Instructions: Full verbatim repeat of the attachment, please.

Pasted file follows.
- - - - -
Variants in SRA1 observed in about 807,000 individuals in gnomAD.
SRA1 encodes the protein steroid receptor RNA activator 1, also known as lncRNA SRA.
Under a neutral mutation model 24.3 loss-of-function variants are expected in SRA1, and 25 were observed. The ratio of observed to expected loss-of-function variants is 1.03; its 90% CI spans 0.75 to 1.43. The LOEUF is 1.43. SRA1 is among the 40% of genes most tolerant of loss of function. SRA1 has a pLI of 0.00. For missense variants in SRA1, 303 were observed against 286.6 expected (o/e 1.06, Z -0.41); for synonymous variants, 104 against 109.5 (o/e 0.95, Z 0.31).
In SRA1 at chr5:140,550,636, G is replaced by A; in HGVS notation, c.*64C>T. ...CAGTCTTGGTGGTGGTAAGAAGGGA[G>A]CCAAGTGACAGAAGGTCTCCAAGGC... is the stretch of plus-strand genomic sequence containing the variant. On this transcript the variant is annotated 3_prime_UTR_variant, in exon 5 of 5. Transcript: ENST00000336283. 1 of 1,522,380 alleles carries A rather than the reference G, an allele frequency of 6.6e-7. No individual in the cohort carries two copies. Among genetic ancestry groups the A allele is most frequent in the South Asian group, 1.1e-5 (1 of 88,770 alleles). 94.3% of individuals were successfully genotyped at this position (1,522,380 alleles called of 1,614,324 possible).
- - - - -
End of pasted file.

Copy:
Variants in SRA1 observed in about 807,000 individuals in gnomAD.
SRA1 encodes the protein steroid receptor RNA activator 1, also known as lncRNA SRA.
Under a neutral mutation model 24.3 loss-of-function variants are expected in SRA1, and 25 were observed. The ratio of observed to expected loss-of-function variants is 1.03; its 90% CI spans 0.75 to 1.43. The LOEUF is 1.43. SRA1 is among the 40% of genes most tolerant of loss of function. SRA1 has a pLI of 0.00. For missense variants in SRA1, 303 were observed against 286.6 expected (o/e 1.06, Z -0.41); for synonymous variants, 104 against 109.5 (o/e 0.95, Z 0.31).
In SRA1 at chr5:140,550,636, G is replaced by A; in HGVS notation, c.*64C>T. ...CAGTCTTGGTGGTGGTAAGAAGGGA[G>A]CCAAGTGACAGAAGGTCTCCAAGGC... is the stretch of plus-strand genomic sequence containing the variant. On this transcript the variant is annotated 3_prime_UTR_variant, in exon 5 of 5. Transcript: ENST00000336283. 1 of 1,522,380 alleles carries A rather than the reference G, an allele frequency of 6.6e-7. No individual in the cohort carries two copies. Among genetic ancestry groups the A allele is most frequent in the South Asian group, 1.1e-5 (1 of 88,770 alleles). 94.3% of individuals were successfully genotyped at this position (1,522,380 alleles called of 1,614,324 possible).